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Red Ant

The D language

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Red Ant    471
Hi, I'm reading up about the D language and what I've seen so far looks very promising. So far I've been mostly programming in C++ and Python and I love both languages (of course I realize that neither language is quite without flaws, but I still think they're both great languages). I've also had contact with Java, C# and Perl but didn't find them particularly appealing. D seems to aim at providing a 'better C++' sort of. Well anyway, reading the DigitalMars D page has certainly whetted my appetite and I'm definitely eager to get started about D. Are folks here using D a lot? Do they think D has a future? Apart from the fact that it's always good to learn new things, is there a reasonable chance that D will become an important language to know?

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snk_kid    1312
Quote:
Original post by Red Ant
D seems to aim at providing a 'better C++' sort of.


Well trys to be but i personally think it's a failed attempt to be truely better than C++ in all aspects which D isn't. Really if you want to give an alternative to C++ that is better than C++ and/or fixes all issues with C++ with similar syntax and deals with all the things that advance C++ programmers actually do with C++. There are much better ways to go about designing such a language but unforunately no such language (with similar syntax) *currently* exists.

Quote:
Original post by Red Ant
Are folks here using D a lot?


Not really, only a very small minority. I'll tell you one thing D will never take the majority of C++ programmers away for very good reasons despite some of it's advantages.

Quote:
Original post by Red Ant
Do they think D has a future?


Probably but not a bright one or nothing of significance.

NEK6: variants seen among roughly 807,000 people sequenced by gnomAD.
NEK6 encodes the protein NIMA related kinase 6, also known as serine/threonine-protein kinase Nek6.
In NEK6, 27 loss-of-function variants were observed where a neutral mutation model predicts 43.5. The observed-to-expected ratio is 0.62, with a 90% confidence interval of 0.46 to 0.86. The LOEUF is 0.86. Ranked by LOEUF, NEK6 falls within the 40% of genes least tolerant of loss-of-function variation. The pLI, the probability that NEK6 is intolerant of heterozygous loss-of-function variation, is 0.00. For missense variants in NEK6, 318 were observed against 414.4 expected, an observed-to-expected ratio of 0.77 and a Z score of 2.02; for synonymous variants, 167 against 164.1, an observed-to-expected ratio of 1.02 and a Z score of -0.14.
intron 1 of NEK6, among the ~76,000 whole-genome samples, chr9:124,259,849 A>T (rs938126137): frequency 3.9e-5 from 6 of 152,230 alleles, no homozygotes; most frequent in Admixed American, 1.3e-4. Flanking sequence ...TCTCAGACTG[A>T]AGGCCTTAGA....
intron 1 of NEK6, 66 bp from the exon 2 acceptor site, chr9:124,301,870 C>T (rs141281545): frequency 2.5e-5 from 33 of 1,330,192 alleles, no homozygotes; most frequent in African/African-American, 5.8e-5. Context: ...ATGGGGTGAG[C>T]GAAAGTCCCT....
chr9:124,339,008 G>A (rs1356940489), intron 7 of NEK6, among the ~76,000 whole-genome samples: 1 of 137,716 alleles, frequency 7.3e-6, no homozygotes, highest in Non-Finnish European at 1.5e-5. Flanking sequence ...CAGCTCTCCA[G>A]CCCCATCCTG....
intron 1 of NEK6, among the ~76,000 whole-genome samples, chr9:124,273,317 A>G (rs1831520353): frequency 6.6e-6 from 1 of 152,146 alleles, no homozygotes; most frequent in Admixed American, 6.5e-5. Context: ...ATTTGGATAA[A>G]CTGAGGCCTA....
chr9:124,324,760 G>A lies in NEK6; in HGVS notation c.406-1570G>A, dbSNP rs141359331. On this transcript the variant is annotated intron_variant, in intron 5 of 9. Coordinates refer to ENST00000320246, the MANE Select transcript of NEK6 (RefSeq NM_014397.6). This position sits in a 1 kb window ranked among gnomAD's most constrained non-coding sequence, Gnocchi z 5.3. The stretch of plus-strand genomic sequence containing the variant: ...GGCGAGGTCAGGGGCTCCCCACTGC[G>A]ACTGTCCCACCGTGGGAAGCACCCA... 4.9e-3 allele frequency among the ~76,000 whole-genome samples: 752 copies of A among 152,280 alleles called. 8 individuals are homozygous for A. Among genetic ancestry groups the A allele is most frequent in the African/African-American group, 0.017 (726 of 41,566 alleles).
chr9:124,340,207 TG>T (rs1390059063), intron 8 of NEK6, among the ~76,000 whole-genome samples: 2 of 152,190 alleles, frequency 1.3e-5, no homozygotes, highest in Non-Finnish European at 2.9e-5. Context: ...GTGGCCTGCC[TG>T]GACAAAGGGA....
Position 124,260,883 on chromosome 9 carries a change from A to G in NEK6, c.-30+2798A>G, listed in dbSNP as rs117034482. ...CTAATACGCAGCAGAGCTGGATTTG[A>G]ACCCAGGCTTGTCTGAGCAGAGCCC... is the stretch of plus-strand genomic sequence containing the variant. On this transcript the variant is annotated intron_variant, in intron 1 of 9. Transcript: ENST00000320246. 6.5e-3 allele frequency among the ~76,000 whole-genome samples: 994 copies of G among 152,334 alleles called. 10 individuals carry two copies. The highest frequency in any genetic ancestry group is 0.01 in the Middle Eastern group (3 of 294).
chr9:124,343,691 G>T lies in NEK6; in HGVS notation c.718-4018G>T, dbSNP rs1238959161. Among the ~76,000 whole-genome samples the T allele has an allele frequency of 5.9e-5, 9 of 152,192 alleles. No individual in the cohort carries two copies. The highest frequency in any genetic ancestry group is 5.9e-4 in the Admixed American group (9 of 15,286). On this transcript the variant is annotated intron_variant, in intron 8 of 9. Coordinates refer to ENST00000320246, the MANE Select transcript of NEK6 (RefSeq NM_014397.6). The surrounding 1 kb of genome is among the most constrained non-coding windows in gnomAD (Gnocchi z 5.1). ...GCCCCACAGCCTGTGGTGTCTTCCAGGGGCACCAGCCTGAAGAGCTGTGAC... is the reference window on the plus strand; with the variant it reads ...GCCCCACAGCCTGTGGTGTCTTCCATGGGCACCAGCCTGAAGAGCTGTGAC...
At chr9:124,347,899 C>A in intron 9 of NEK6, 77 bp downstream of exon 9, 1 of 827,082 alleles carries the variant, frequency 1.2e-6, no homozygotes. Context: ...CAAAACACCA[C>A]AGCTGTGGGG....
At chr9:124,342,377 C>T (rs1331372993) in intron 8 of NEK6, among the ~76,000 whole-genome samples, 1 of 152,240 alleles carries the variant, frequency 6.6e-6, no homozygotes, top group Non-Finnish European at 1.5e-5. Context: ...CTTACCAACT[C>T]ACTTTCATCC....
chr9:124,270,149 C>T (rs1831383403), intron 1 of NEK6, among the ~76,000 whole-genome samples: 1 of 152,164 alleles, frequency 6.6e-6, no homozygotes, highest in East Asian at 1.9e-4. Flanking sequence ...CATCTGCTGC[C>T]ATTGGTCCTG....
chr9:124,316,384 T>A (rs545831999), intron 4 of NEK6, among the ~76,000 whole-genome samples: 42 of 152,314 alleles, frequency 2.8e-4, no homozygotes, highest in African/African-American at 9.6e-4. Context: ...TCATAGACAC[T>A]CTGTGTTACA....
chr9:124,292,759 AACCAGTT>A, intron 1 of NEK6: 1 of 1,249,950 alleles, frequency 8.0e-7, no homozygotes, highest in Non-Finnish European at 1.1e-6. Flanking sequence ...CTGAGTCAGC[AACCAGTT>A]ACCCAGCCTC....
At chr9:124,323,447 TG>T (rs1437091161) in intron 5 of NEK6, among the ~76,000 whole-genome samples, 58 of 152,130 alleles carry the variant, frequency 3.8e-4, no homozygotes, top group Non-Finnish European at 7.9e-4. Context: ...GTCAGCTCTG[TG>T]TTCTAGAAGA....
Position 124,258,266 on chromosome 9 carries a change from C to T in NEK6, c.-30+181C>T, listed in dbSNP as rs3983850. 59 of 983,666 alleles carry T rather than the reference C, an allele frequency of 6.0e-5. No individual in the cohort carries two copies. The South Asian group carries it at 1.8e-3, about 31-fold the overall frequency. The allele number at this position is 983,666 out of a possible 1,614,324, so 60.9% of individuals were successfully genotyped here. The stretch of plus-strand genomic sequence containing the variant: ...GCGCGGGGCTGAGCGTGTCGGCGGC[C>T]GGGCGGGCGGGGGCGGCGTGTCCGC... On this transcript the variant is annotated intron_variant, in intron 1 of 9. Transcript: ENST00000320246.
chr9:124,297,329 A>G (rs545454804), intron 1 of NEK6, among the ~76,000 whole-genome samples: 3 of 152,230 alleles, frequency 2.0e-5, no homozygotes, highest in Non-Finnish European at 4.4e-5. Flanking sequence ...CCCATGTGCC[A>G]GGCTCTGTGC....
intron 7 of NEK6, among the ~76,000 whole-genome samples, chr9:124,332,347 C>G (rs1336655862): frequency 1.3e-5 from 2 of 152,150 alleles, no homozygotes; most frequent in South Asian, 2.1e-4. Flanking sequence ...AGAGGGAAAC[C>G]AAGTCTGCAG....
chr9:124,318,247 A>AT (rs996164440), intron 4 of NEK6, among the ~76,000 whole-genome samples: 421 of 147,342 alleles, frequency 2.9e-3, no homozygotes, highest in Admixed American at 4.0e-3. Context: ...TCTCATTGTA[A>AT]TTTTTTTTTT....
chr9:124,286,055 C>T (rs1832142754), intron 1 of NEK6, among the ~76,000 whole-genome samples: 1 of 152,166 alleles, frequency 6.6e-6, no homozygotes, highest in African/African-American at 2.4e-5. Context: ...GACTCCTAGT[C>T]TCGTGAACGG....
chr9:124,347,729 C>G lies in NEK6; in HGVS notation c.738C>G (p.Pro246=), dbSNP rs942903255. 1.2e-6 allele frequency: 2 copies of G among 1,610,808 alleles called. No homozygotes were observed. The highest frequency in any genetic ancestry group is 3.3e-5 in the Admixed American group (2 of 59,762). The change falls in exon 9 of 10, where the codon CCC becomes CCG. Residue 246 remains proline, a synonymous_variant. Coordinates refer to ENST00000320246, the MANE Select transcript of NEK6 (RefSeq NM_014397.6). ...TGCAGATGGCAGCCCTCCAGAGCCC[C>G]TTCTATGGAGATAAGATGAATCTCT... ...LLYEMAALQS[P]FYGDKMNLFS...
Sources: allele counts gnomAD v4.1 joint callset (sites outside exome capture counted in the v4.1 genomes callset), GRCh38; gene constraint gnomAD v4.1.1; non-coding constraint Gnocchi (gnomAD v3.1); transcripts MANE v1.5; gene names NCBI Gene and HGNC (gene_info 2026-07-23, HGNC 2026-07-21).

Quote:
Original post by Red Ant
Apart from the fact that it's always good to learn new things


You're not going to learn anything new, you're just going memoize syntax because there similar languages. They're both imperative languages, try learning some other languages that are based on completely different programming paradigms then you will truely learn something new and broaden your view on problem solving.

Quote:
Original post by Red Ant
is there a reasonable chance that D will become an important language to know?


No but it doesn't hurt to learn it either.

[Edited by - snk_kid on June 28, 2006 6:43:34 AM]

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ColmMac    122
Torus Trooper is a pretty cool game made in D. It's plays and looks great so D is definately a viable language to program games in.

It's a langauge on the my list of languages to learn. I've only made a brief read up on it (mainly as a result of playing a bunch of Torus Trooper) but it does have pedigree.

As for whether it has a future, I like it more than C# since it compiles to native code. I don't think it will ever become a majority language sinceit has no marketing machine pushing it at the moment.

Colm Mac

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snk_kid    1312
Quote:
Original post by ColmMac
It's plays and looks great so D is definately a viable language to program games in.


Virtually any language is a "viable language to program games in".

Quote:
Original post by ColmMac
I like it more than C# since it compiles to native code.


This is a silly reason to like it more. There is nothing preventing a compiler vendor implementing the C# standard with a compiler that compiles straight to native but then it devoids some the advantages of doing so.

Quote:
Original post by ColmMac
I don't think it will ever become a majority language sinceit has no marketing machine pushing it at the moment.


This isn't the main reason and besides there was never a "marketing machine pushing" C++.

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snk_kid    1312
Quote:
Original post by nsto119
snk_kid, what don't you like about D?


I don't dislike or like D but the claims that it's a truely better alternative than or fixes all aspects/issues of C++ are false.

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Lode    1003
I too am disappointed in D because I hoped it would be an improved C++. But in fact it's an entirely new programming language, so many advantages of C++ are left out.

I'd like to see a programming language that is
-C++
-without headers, and isntead an alternative way to link source files together